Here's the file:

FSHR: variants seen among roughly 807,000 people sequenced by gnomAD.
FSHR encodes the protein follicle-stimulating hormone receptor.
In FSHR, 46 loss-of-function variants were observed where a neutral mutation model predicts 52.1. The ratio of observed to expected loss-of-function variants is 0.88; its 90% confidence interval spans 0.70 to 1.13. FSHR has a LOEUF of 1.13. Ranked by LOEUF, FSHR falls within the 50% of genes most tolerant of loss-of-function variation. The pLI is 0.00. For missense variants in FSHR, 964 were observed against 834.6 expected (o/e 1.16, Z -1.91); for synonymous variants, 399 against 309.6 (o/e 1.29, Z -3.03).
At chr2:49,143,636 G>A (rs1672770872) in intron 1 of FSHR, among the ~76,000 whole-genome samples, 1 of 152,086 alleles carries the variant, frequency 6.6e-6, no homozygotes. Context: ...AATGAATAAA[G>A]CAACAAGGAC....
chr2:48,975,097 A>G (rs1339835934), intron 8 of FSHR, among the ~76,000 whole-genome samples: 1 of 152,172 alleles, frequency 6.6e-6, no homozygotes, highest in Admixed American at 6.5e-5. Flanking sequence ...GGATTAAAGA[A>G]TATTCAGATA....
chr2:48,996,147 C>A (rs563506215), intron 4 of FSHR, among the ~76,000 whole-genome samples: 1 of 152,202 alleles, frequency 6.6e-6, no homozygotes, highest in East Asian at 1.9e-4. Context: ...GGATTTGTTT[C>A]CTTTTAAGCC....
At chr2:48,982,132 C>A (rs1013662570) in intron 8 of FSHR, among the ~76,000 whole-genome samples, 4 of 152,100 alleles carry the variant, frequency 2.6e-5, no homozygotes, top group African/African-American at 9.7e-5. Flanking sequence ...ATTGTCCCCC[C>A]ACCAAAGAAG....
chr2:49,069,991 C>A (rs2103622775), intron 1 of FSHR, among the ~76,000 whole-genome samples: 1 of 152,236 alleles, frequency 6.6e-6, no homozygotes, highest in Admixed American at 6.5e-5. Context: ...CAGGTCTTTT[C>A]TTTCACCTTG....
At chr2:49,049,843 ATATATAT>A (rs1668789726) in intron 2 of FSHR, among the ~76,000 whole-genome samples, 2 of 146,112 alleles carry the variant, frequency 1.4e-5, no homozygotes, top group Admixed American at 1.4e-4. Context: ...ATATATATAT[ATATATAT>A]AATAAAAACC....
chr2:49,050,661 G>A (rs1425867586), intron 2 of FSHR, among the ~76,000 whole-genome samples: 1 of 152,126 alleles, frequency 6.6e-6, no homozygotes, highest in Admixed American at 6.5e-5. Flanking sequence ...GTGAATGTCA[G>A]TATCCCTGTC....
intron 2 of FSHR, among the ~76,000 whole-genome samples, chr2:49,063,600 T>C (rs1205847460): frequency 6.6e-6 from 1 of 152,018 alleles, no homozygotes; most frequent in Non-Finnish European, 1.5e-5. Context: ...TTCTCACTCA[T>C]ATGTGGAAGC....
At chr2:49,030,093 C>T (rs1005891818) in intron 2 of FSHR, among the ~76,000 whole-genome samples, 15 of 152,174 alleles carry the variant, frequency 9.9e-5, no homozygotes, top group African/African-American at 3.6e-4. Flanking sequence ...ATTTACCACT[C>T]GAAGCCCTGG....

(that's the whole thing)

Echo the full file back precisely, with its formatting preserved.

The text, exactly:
FSHR: variants seen among roughly 807,000 people sequenced by gnomAD.
FSHR encodes the protein follicle-stimulating hormone receptor.
In FSHR, 46 loss-of-function variants were observed where a neutral mutation model predicts 52.1. The ratio of observed to expected loss-of-function variants is 0.88; its 90% confidence interval spans 0.70 to 1.13. FSHR has a LOEUF of 1.13. Ranked by LOEUF, FSHR falls within the 50% of genes most tolerant of loss-of-function variation. The pLI is 0.00. For missense variants in FSHR, 964 were observed against 834.6 expected (o/e 1.16, Z -1.91); for synonymous variants, 399 against 309.6 (o/e 1.29, Z -3.03).
At chr2:49,143,636 G>A (rs1672770872) in intron 1 of FSHR, among the ~76,000 whole-genome samples, 1 of 152,086 alleles carries the variant, frequency 6.6e-6, no homozygotes. Context: ...AATGAATAAA[G>A]CAACAAGGAC....
chr2:48,975,097 A>G (rs1339835934), intron 8 of FSHR, among the ~76,000 whole-genome samples: 1 of 152,172 alleles, frequency 6.6e-6, no homozygotes, highest in Admixed American at 6.5e-5. Flanking sequence ...GGATTAAAGA[A>G]TATTCAGATA....
chr2:48,996,147 C>A (rs563506215), intron 4 of FSHR, among the ~76,000 whole-genome samples: 1 of 152,202 alleles, frequency 6.6e-6, no homozygotes, highest in East Asian at 1.9e-4. Context: ...GGATTTGTTT[C>A]CTTTTAAGCC....
At chr2:48,982,132 C>A (rs1013662570) in intron 8 of FSHR, among the ~76,000 whole-genome samples, 4 of 152,100 alleles carry the variant, frequency 2.6e-5, no homozygotes, top group African/African-American at 9.7e-5. Flanking sequence ...ATTGTCCCCC[C>A]ACCAAAGAAG....
chr2:49,069,991 C>A (rs2103622775), intron 1 of FSHR, among the ~76,000 whole-genome samples: 1 of 152,236 alleles, frequency 6.6e-6, no homozygotes, highest in Admixed American at 6.5e-5. Context: ...CAGGTCTTTT[C>A]TTTCACCTTG....
At chr2:49,049,843 ATATATAT>A (rs1668789726) in intron 2 of FSHR, among the ~76,000 whole-genome samples, 2 of 146,112 alleles carry the variant, frequency 1.4e-5, no homozygotes, top group Admixed American at 1.4e-4. Context: ...ATATATATAT[ATATATAT>A]AATAAAAACC....
chr2:49,050,661 G>A (rs1425867586), intron 2 of FSHR, among the ~76,000 whole-genome samples: 1 of 152,126 alleles, frequency 6.6e-6, no homozygotes, highest in Admixed American at 6.5e-5. Flanking sequence ...GTGAATGTCA[G>A]TATCCCTGTC....
intron 2 of FSHR, among the ~76,000 whole-genome samples, chr2:49,063,600 T>C (rs1205847460): frequency 6.6e-6 from 1 of 152,018 alleles, no homozygotes; most frequent in Non-Finnish European, 1.5e-5. Context: ...TTCTCACTCA[T>C]ATGTGGAAGC....
At chr2:49,030,093 C>T (rs1005891818) in intron 2 of FSHR, among the ~76,000 whole-genome samples, 15 of 152,174 alleles carry the variant, frequency 9.9e-5, no homozygotes, top group African/African-American at 3.6e-4. Flanking sequence ...ATTTACCACT[C>T]GAAGCCCTGG....